Sometimes the basic assumptions we apply in pursuit of a goal get in the way of success.
Take astronomy. At one time in history, astronomers studied the way the planets revolved around the Earth in an attempt to create an accurate calendar.
But for centuries, it had been slightly off, every 100 years or so it would snow in July and the Pope would say, “Crank the calendar back six months.”
July would become January and the calendar would be correct again. But this put a real crimp in people’s vacation schedules and a better calendar had to be formulated.
Hence, astronomers enjoyed gainful employment.
The problem was that astronomers were laboring under a false model. The very definition of an astronomer’s job,one who studies the way the planets revolve around the Earth in order to create the perfect calendar, precluded them from finding the right answer.
At the time, it seemed logical to assume that all heavenly bodies revolved around the Earth, everyone could clearly see that for themselves. (Of course, the telescope hadn’t been invented yet.) There was no basis for differing assumptions.
Then, a very inquisitive fellow named Copernicus challenged the notion of the Earth being at the center of the Universe. Using nothing but math, he theorized that the Earth and the other planets revolved around the sun. It took another 100 years before Galileo, and the invention of the telescope, got the concept out in the open.
And even then, the Pope wanted to barbecue Galileo for daring to imply that the Earth was not the focal point of all Creation. (Some people get very fidgety when you challenge their basic assumptions.)
Now take swimming. Are you laboring under a false model in your swimming? Does your definition of swimming go something like this: “I pull with my arms and kick with my legs. If I do it faster, I’ll go faster?” If so, you need to step back and evaluate.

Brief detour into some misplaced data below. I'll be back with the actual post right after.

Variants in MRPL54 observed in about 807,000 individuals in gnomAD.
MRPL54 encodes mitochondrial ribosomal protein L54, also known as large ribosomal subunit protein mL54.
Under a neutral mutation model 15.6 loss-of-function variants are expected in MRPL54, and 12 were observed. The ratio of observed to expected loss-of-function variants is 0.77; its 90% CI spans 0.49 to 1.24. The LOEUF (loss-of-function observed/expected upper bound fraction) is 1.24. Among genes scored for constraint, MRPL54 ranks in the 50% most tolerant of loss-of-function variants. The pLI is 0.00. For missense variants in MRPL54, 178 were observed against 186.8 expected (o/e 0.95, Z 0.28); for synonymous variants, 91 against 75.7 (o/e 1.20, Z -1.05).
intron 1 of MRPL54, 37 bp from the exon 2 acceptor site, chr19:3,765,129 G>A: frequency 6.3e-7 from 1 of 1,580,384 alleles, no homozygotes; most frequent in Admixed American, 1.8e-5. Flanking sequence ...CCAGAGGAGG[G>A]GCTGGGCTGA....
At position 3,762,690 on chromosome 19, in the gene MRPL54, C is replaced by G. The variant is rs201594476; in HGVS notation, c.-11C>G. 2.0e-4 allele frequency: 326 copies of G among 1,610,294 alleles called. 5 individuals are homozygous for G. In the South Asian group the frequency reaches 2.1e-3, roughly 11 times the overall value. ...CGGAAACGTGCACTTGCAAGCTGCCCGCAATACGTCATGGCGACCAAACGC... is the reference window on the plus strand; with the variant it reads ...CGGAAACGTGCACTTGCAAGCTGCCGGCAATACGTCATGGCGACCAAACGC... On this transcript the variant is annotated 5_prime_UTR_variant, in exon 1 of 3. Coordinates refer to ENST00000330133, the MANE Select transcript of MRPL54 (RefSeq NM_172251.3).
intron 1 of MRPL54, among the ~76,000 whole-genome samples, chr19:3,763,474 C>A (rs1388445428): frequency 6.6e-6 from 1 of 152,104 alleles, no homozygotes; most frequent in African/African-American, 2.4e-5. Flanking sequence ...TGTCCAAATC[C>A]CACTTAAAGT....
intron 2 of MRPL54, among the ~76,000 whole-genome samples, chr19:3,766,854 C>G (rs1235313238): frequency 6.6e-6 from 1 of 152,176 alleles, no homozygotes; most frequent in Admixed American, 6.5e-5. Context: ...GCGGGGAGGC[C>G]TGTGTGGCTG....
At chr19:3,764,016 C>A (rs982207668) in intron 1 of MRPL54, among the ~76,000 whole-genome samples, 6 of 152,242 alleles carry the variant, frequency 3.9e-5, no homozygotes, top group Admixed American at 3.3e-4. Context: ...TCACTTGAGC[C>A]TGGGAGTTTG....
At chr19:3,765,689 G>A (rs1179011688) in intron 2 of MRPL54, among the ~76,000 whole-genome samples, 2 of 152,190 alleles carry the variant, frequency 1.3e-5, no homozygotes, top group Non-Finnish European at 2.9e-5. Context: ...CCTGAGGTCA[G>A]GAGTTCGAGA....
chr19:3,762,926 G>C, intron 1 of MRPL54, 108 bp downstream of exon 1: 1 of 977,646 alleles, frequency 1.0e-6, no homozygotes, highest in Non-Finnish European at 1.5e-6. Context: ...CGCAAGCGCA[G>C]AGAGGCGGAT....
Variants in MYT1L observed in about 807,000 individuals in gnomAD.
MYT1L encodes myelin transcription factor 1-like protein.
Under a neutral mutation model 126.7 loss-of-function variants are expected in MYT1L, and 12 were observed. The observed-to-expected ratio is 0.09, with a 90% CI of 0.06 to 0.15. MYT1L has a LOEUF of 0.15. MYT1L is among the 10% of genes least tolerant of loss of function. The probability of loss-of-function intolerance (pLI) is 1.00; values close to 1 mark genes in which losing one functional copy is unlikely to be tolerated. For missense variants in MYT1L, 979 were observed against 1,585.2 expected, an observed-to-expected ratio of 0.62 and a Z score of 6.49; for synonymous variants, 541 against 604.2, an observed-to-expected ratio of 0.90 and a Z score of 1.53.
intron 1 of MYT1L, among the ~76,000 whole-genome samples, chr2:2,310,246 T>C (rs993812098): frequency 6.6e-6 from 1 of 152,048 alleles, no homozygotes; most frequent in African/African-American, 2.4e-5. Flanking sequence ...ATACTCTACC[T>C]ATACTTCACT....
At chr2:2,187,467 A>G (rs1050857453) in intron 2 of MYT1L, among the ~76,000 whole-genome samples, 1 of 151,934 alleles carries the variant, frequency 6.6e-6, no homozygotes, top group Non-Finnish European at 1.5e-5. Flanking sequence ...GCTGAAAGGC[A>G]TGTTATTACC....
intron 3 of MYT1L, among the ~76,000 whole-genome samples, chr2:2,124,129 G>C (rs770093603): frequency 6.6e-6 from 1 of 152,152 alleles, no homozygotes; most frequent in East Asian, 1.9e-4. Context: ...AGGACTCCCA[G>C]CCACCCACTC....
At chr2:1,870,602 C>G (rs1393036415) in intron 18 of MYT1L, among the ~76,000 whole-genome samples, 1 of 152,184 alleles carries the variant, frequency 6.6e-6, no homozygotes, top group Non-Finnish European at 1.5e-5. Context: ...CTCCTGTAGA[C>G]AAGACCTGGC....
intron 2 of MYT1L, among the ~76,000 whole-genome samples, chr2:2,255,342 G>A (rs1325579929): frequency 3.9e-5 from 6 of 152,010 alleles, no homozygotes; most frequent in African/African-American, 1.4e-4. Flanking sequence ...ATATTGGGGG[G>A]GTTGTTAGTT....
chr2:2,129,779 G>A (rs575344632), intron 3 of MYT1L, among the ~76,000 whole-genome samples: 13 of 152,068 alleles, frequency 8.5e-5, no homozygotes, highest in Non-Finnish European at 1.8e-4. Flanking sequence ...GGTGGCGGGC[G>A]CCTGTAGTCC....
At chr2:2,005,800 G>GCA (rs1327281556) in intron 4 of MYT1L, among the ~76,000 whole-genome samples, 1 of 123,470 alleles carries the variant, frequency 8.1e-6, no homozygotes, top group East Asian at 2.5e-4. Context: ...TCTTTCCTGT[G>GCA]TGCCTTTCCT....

Too often, I hear swimmers talking about swimming with their arms and legs. If they go into the weight room they think in terms of strengthening their arms and legs. When they want to swim faster, they think and talk about moving their arms faster and kicking harder.
To the untrained eye it seems reasonable and logical to look at a swimmer and say, “See those arms moving water, see those legs churning away like an old stern wheeler? That’s what makes a swimmer go.” Heck, if the arms don’t move and neither do the legs then the swimmer becomes a floater… or a sinker. Right?
Now think for a moment about the powerful moves you see in other sports,a pitcher throwing a baseball, a batter hitting that ball, a golfer hitting a drive, a tennis player hitting a backhand, a discus thrower. All these activities and, in fact, nearly all single arm power moves, are based on the same principle_they use the arms to deliver huge forces that have been generated by rotation of the body trunk.
In swimming freestyle and backstroke we are doing the same thing. The arms are used as a delivery mechanism for the power generated by rapidly rolling the body from side to side. Sculling motions produced by the small muscles in the arms and around the shoulders help us hold onto the water. But it’s the large muscles of the torso that provide the bulk of the propulsive power.
In breaststroke and butterfly, the large propulsive forces are created by bending and unbending the torso. These forces are then delivered to the water with the arms and legs.
Imagine how ridiculous a swimmer would look if he held his torso absolutely flat and just moved his arms and legs. He’d probably take about 88 strokes per length. Imagine a baseball pitcher standing absolutely still facing home plate and throwing the ball using just his arm? Or an arm-only discus thrower? Can you say “wimpy?”
Your thought process in swimming should examine ways to develop power in the torso and deliver it to the water with your arms. This may prompt questions. It may even make you fidgety. But, suffice to say, if your focus is still on swimming faster by moving your arms and legs faster and harder, then the Earth is still at the center of your Universe.